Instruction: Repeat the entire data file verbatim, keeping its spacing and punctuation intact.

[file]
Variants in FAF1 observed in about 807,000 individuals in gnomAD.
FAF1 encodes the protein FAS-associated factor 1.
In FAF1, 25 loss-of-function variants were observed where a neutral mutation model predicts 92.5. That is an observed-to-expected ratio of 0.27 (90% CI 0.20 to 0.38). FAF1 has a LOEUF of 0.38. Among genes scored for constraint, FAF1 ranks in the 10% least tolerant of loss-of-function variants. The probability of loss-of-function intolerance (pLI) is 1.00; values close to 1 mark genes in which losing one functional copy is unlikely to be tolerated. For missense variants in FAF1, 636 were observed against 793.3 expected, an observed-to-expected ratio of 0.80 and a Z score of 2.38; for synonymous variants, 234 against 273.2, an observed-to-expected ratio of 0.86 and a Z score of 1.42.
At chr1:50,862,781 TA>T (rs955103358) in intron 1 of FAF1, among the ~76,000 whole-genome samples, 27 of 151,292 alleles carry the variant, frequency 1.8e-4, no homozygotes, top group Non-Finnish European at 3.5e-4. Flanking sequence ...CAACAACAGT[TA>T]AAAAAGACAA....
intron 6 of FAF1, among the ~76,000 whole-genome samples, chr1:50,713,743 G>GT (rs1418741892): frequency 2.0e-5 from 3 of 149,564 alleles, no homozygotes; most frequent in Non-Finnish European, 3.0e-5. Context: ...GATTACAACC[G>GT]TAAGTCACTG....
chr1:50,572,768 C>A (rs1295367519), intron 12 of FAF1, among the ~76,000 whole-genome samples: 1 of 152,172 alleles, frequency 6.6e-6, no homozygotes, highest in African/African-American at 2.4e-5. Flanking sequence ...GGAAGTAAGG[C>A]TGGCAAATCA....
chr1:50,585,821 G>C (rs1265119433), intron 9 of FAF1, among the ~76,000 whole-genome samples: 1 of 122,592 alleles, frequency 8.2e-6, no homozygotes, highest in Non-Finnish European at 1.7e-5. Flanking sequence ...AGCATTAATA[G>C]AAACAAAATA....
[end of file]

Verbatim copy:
Variants in FAF1 observed in about 807,000 individuals in gnomAD.
FAF1 encodes the protein FAS-associated factor 1.
In FAF1, 25 loss-of-function variants were observed where a neutral mutation model predicts 92.5. That is an observed-to-expected ratio of 0.27 (90% CI 0.20 to 0.38). FAF1 has a LOEUF of 0.38. Among genes scored for constraint, FAF1 ranks in the 10% least tolerant of loss-of-function variants. The probability of loss-of-function intolerance (pLI) is 1.00; values close to 1 mark genes in which losing one functional copy is unlikely to be tolerated. For missense variants in FAF1, 636 were observed against 793.3 expected, an observed-to-expected ratio of 0.80 and a Z score of 2.38; for synonymous variants, 234 against 273.2, an observed-to-expected ratio of 0.86 and a Z score of 1.42.
At chr1:50,862,781 TA>T (rs955103358) in intron 1 of FAF1, among the ~76,000 whole-genome samples, 27 of 151,292 alleles carry the variant, frequency 1.8e-4, no homozygotes, top group Non-Finnish European at 3.5e-4. Flanking sequence ...CAACAACAGT[TA>T]AAAAAGACAA....
intron 6 of FAF1, among the ~76,000 whole-genome samples, chr1:50,713,743 G>GT (rs1418741892): frequency 2.0e-5 from 3 of 149,564 alleles, no homozygotes; most frequent in Non-Finnish European, 3.0e-5. Context: ...GATTACAACC[G>GT]TAAGTCACTG....
chr1:50,572,768 C>A (rs1295367519), intron 12 of FAF1, among the ~76,000 whole-genome samples: 1 of 152,172 alleles, frequency 6.6e-6, no homozygotes, highest in African/African-American at 2.4e-5. Flanking sequence ...GGAAGTAAGG[C>A]TGGCAAATCA....
chr1:50,585,821 G>C (rs1265119433), intron 9 of FAF1, among the ~76,000 whole-genome samples: 1 of 122,592 alleles, frequency 8.2e-6, no homozygotes, highest in Non-Finnish European at 1.7e-5. Flanking sequence ...AGCATTAATA[G>C]AAACAAAATA....